- Prepare the Articles of Organization and LLC Operating Agreement: These documents vary by state and apply to how the business is supposed to be run. Single-member LLCs have a separate operating agreement covering how the company admits new members and the standard operating procedure, including how the business is to be closed.
- Submit the Documents: Once the documents are completed and signed, they can be filed with the state for processing.
- Obtain an Employer Identification Number (EIN): An EIN serves a similar purpose as your Social Security Number when it comes to filing taxes. The IRS usually relies on your SSN or the SMLLC's EIN to calculate taxation. Generally speaking, when you pay taxes, you would use your own TIN/WIN, but not the EIN of the LLC. In 2007, the IRS required LLCs to pay certain excise taxes, for which they required an EIN. Employment tax may fall under this category as well, meaning that owners should have an EIN registered for the business.
How is a Single Member LLC Taxed?
By default, a single member LLC is taxed as a disregarded entity. There are choices though when it comes to taxation. Single member LLCs are able to elect either C-corp or S-Corp status through an additional filing with the IRS. The main difference in taxation is that single member LLCs cannot be taxed as a partnership because it would require more than one member.
What Taxes do Single Member LLCs Have to Pay?
Single member LLCs owners are responsible to pay 3 different types of taxes. It is important to remember that taxes vary state to state so make sure to check with your business attorney to ensure you don’t make any mistakes.
- Federal income tax: Because an LLC is not a taxing entity, the IRS has designated that single-member LLCs are taxed the same as sole proprietors. Single-member LLC will be required to report business income taxes on a Schedule C tax form. The net income from the business is then combined with any other income on the personal tax return of the owner.
- Self-employment tax: All single-member LLC owners are self-employed individuals. Despite this, they are not employees of their business. As self-employed individuals, single-member LLC owners must pay self-employment taxes. These taxes include both Social Security taxes as well as Medicare taxes. This will be based on the net income from the business.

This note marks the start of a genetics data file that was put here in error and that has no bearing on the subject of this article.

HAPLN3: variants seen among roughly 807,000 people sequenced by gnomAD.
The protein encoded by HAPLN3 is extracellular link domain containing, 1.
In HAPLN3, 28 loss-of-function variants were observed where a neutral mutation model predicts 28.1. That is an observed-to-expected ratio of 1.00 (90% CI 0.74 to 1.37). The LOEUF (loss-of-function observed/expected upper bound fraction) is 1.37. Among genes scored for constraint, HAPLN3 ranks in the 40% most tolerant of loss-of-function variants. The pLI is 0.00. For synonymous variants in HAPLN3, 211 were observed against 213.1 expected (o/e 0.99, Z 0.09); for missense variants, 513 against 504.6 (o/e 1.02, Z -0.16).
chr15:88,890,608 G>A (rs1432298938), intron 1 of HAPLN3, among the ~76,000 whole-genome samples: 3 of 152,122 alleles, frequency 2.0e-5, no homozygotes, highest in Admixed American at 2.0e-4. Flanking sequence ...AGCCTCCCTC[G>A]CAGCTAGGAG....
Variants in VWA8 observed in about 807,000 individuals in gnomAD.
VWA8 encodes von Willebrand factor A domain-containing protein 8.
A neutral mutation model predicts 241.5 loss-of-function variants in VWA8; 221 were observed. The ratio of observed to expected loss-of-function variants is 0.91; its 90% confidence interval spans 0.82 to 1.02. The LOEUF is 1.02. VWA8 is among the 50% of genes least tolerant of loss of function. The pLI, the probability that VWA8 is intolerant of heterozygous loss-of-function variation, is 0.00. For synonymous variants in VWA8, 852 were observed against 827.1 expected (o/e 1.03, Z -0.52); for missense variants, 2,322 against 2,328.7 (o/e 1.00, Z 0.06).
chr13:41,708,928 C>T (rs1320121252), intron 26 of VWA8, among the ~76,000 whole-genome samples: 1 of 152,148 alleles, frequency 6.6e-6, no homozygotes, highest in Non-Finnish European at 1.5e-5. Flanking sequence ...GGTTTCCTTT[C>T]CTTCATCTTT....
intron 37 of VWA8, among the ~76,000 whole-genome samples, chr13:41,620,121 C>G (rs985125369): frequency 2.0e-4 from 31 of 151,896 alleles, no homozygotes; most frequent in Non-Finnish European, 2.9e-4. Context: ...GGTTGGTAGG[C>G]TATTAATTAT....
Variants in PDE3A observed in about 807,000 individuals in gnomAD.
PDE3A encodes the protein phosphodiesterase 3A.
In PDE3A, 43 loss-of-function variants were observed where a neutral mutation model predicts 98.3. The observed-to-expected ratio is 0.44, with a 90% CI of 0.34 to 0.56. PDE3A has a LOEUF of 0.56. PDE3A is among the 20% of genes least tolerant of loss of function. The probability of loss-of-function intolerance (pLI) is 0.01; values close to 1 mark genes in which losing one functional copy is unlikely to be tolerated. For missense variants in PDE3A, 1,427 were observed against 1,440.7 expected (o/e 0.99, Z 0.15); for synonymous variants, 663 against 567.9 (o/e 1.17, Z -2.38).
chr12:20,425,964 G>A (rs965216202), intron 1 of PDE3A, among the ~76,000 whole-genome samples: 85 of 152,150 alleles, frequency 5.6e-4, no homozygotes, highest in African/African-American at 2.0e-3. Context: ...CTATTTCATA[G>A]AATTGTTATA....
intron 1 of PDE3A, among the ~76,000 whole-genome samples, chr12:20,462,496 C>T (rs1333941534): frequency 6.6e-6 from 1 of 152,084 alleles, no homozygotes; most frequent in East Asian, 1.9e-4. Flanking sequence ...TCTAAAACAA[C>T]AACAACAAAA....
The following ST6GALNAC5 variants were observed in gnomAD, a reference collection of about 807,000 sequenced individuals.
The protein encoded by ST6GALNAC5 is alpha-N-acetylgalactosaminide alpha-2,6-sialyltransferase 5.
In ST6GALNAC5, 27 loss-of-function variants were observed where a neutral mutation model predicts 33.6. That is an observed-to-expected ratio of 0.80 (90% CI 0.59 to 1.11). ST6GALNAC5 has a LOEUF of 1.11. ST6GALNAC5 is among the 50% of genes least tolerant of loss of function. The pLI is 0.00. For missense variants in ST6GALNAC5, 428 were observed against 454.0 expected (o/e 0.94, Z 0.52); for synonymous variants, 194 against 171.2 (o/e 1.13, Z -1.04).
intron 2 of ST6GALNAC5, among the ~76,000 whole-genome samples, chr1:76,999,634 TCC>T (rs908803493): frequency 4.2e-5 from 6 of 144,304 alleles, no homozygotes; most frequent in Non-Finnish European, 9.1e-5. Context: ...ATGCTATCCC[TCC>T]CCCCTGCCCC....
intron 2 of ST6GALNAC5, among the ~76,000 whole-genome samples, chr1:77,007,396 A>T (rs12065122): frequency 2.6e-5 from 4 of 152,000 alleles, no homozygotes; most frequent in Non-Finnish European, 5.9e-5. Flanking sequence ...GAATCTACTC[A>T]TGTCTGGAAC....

State income tax: In general, state income taxes will change from state to state. Some states do not even have income taxes.
Employer Identification Numbers
An EIN is an employee identification number. This is similar to a social security number for your business. Single-member LLCs need an Employer ID Number, regardless of whether or not you have employees. This is because most banks require an EIN to open a business bank account. When a single member LLC is taxed as a disregarded entity, it should use its personal tax ID (social security number) rather than an EIN. This will be used when completing a W-9 form.
Is Forming an SMLLC Worth it?
If you run a small business with little liability and minimal profit, then you may not need to form a single member LLC. As a sole proprietor, forming a single member LLC can provide you with limited liability protection, and will make you appear as a legitimate business. You will also be able to obtain funding more easily and protect your personal assets. Forming a single member LLC is often worth it as long as you are running a legitimate business that is more than a side hustle.
Is A Single Member LLC Worth It?
In general, a single-member LLC offers options for professionals and business owners alike. An LLC is protected from taxation, and owners only need to pay taxes once on their own earnings. In some states, such as Wisconsin and Florida, businesses don't need to pay any taxes at the state level, allowing individuals to retain more of the business's earnings as income. Clever management of revenue can even help defer the taxes between windows, allowing lower tax rates over a year's earnings.
LLCs have a long history within the US. Many business owners opt for this type of structure because of the protections it offers to their personal assets. You don't even need to reside within a state to have a business registered there in some cases. You can just as easily have a registered agent with a remote registration through a respected third party. These options present possibilities not limited by geographical constraints. If you're a business owner, you should be considering investing in registering as an SMLLC because the benefits far outweigh the downsides.